‘Okay, so I can’t stop crying.’ The woman behind me says as she begins to search in her handbag for a tissue. I grab my coat and walk briskly out of the theatre, my face wet from tears. Cell is the play at this year’s Edinburgh Fringe Festival about the illness motor neurone disease. It focuses around Ted; a four-foot tall puppet that finds out he has the life altering illness.
We open with Ted sitting at his desk collecting stamps. He is a white, cloth puppet with thick glasses purchased in front of his black button eyes. In the background, white screens surround him. Light is projected from behind allowing stencils to move across and reveal different shadows – so skilfully manoeuvred by the puppeteers, the audiences forgets their existence.
Ted is seen as a real person moving through his house, standing on the train and falling in love. He finds out her has motor neurone disease when he is at an auction and his joints begin to seize up. Through numerous doctor consultations, he is able to receive a diagnosis. This is where the piece could have turned into something mawkish, ramming their message into you, ‘life is so short, we should just live it for today y’know!’ But Cell is better than this.
With Ted’s condition slowly deteriorating, he recognises that his time is limited and decides to travel. He then falls in love. And yes this is a rather simplistic view, and yes, it is awfully convenient that he could afford to travel and share it with someone. But in the face of a horrible illness, none of that matters and you really do want to make his story a happy one. You are cheering for him, he stopped being a puppet a long time ago.
The whole piece included only three puppeteers and a barrage of props, which they used to create a soundscape for each different location Ted found himself in. On a busy train, one of the cast eats a bag of crisps loudly causing Ted to put down his book and show his frustration to the audience, which they respond with charmed titters of laughter. There are many incidents like this throughout, tiny details of life that when presented to us on stage with a puppet they are fantastically captivating.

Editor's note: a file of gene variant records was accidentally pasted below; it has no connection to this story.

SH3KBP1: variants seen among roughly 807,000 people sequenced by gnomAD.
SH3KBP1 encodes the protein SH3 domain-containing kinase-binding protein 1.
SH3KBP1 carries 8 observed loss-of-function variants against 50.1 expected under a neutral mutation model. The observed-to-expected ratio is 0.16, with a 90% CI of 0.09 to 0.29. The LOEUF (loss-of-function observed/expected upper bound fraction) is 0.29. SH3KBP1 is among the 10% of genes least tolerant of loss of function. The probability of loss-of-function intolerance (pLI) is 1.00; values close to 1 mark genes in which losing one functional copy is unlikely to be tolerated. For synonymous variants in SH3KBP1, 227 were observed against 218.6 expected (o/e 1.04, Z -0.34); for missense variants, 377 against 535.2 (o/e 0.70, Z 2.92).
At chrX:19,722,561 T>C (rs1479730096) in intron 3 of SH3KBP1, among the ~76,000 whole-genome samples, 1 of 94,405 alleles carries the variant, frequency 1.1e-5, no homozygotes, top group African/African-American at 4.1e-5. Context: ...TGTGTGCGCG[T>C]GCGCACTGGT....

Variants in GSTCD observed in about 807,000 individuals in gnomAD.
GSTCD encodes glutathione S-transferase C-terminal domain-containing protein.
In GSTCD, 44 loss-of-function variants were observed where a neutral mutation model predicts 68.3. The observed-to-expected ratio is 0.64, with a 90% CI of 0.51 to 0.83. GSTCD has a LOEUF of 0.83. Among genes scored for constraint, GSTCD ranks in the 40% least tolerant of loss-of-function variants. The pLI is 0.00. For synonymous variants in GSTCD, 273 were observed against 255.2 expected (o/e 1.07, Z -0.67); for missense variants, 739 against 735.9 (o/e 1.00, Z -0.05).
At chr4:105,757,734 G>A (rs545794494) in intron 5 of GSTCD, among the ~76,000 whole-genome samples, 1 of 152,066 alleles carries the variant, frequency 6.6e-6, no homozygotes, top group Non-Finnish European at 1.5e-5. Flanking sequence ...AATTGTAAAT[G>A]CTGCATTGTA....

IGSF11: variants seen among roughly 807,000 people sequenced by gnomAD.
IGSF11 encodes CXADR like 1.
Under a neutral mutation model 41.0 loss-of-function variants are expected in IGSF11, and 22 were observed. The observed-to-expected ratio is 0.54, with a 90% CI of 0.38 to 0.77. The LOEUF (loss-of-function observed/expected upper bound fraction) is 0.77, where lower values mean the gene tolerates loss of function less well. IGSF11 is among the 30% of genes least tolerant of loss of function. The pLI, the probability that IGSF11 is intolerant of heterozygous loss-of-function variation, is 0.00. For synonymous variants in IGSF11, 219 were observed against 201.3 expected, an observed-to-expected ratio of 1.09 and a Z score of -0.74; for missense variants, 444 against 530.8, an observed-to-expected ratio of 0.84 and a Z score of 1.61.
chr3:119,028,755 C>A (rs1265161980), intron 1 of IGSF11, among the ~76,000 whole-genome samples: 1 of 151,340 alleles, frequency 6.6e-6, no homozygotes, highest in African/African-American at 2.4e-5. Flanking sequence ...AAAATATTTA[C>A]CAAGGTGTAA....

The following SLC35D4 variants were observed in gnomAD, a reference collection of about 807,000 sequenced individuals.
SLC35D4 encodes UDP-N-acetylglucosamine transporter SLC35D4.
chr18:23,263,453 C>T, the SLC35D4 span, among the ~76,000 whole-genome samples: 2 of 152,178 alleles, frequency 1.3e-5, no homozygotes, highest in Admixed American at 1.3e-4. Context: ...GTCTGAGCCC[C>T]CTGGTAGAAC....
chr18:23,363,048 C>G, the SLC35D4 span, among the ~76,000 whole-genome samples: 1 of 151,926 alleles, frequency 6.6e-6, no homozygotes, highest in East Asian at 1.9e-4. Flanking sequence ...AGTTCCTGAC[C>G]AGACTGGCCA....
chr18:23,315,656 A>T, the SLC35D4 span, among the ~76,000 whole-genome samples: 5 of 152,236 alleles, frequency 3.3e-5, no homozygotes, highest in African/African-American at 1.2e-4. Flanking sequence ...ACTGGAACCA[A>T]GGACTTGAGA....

The goldfish that bubbles across the room by an actor with a glass of water and a drinking straw, the shadow of the letter that flies across the backdrop with ‘NHS’ marked across it or the stamps he cuts out of magazines to glue into his book. These every day activities create a beautiful soundscape. No words are spoken within the hour so your appreciation for these tiny constructed noises is heightened.
The play is a collaboration between theatre companies Dogfish Theatre and Smoking Apples. Combined, they create an incredibly moving and subtle interpretation of what it means to live with an aggressive illness. It is so charming; a real feat to not wholly depress its viewer with this subject matter, Cell uses the art of physical theatre and well-crafted puppetry to leave an impression of hope.
At the end Ted is put back onto his specially adapted chair, now that his motor skills have worsened. He stares up at the audience for help, then for the first time in the production, he looks at the three puppeteers moving him and they let go. And it is this poignantly simple metaphor is one that stays with you, weeks later after the festival is over.